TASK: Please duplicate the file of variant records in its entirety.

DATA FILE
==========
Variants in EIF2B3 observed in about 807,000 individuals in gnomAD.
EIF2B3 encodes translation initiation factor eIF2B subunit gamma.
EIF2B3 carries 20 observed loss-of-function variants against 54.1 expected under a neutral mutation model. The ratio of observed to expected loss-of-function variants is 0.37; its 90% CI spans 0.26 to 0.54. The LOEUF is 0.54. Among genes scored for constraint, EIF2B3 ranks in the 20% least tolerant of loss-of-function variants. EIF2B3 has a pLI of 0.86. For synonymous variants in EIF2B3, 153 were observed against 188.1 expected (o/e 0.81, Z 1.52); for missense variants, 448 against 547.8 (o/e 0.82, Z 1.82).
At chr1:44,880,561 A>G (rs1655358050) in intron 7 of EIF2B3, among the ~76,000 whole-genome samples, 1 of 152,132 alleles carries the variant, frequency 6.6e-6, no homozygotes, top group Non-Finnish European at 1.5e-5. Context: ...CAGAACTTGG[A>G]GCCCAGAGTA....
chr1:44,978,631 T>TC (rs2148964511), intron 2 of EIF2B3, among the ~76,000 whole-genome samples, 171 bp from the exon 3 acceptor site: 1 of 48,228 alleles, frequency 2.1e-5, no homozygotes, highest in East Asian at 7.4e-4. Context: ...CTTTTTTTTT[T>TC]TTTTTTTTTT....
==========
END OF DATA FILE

Variants in EIF2B3 observed in about 807,000 individuals in gnomAD.
EIF2B3 encodes translation initiation factor eIF2B subunit gamma.
EIF2B3 carries 20 observed loss-of-function variants against 54.1 expected under a neutral mutation model. The ratio of observed to expected loss-of-function variants is 0.37; its 90% CI spans 0.26 to 0.54. The LOEUF is 0.54. Among genes scored for constraint, EIF2B3 ranks in the 20% least tolerant of loss-of-function variants. EIF2B3 has a pLI of 0.86. For synonymous variants in EIF2B3, 153 were observed against 188.1 expected (o/e 0.81, Z 1.52); for missense variants, 448 against 547.8 (o/e 0.82, Z 1.82).
At chr1:44,880,561 A>G (rs1655358050) in intron 7 of EIF2B3, among the ~76,000 whole-genome samples, 1 of 152,132 alleles carries the variant, frequency 6.6e-6, no homozygotes, top group Non-Finnish European at 1.5e-5. Context: ...CAGAACTTGG[A>G]GCCCAGAGTA....
chr1:44,978,631 T>TC (rs2148964511), intron 2 of EIF2B3, among the ~76,000 whole-genome samples, 171 bp from the exon 3 acceptor site: 1 of 48,228 alleles, frequency 2.1e-5, no homozygotes, highest in East Asian at 7.4e-4. Context: ...CTTTTTTTTT[T>TC]TTTTTTTTTT....